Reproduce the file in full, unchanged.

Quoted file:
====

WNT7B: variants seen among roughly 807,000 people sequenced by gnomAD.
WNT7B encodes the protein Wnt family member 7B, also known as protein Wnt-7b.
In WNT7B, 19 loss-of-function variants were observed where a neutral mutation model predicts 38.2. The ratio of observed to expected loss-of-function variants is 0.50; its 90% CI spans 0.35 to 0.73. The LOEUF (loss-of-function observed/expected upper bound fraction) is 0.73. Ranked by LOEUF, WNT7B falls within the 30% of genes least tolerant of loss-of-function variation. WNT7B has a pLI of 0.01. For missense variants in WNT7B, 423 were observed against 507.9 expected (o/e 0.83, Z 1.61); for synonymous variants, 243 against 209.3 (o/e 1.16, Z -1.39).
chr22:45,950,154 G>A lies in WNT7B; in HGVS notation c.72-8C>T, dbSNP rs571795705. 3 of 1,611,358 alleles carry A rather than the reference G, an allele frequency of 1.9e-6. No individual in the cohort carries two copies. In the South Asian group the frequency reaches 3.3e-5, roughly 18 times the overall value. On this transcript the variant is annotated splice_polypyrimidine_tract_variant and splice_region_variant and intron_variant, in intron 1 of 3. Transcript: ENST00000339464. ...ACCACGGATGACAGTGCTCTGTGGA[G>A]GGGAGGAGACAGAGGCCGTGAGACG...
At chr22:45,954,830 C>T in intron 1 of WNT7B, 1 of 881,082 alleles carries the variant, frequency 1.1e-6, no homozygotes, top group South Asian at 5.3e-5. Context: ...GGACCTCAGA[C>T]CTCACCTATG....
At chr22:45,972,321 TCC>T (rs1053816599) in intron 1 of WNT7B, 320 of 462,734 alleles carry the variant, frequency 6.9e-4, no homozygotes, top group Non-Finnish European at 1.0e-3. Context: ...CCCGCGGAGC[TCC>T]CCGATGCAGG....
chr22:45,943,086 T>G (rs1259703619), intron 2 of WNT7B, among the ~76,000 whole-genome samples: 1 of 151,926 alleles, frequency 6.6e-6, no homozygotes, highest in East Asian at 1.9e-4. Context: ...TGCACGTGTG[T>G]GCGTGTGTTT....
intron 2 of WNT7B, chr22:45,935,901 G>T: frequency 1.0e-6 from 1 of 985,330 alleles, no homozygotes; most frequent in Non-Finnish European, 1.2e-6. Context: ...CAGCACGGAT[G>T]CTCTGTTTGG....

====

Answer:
WNT7B: variants seen among roughly 807,000 people sequenced by gnomAD.
WNT7B encodes the protein Wnt family member 7B, also known as protein Wnt-7b.
In WNT7B, 19 loss-of-function variants were observed where a neutral mutation model predicts 38.2. The ratio of observed to expected loss-of-function variants is 0.50; its 90% CI spans 0.35 to 0.73. The LOEUF (loss-of-function observed/expected upper bound fraction) is 0.73. Ranked by LOEUF, WNT7B falls within the 30% of genes least tolerant of loss-of-function variation. WNT7B has a pLI of 0.01. For missense variants in WNT7B, 423 were observed against 507.9 expected (o/e 0.83, Z 1.61); for synonymous variants, 243 against 209.3 (o/e 1.16, Z -1.39).
chr22:45,950,154 G>A lies in WNT7B; in HGVS notation c.72-8C>T, dbSNP rs571795705. 3 of 1,611,358 alleles carry A rather than the reference G, an allele frequency of 1.9e-6. No individual in the cohort carries two copies. In the South Asian group the frequency reaches 3.3e-5, roughly 18 times the overall value. On this transcript the variant is annotated splice_polypyrimidine_tract_variant and splice_region_variant and intron_variant, in intron 1 of 3. Transcript: ENST00000339464. ...ACCACGGATGACAGTGCTCTGTGGA[G>A]GGGAGGAGACAGAGGCCGTGAGACG...
At chr22:45,954,830 C>T in intron 1 of WNT7B, 1 of 881,082 alleles carries the variant, frequency 1.1e-6, no homozygotes, top group South Asian at 5.3e-5. Context: ...GGACCTCAGA[C>T]CTCACCTATG....
At chr22:45,972,321 TCC>T (rs1053816599) in intron 1 of WNT7B, 320 of 462,734 alleles carry the variant, frequency 6.9e-4, no homozygotes, top group Non-Finnish European at 1.0e-3. Context: ...CCCGCGGAGC[TCC>T]CCGATGCAGG....
chr22:45,943,086 T>G (rs1259703619), intron 2 of WNT7B, among the ~76,000 whole-genome samples: 1 of 151,926 alleles, frequency 6.6e-6, no homozygotes, highest in East Asian at 1.9e-4. Context: ...TGCACGTGTG[T>G]GCGTGTGTTT....
intron 2 of WNT7B, chr22:45,935,901 G>T: frequency 1.0e-6 from 1 of 985,330 alleles, no homozygotes; most frequent in Non-Finnish European, 1.2e-6. Context: ...CAGCACGGAT[G>T]CTCTGTTTGG....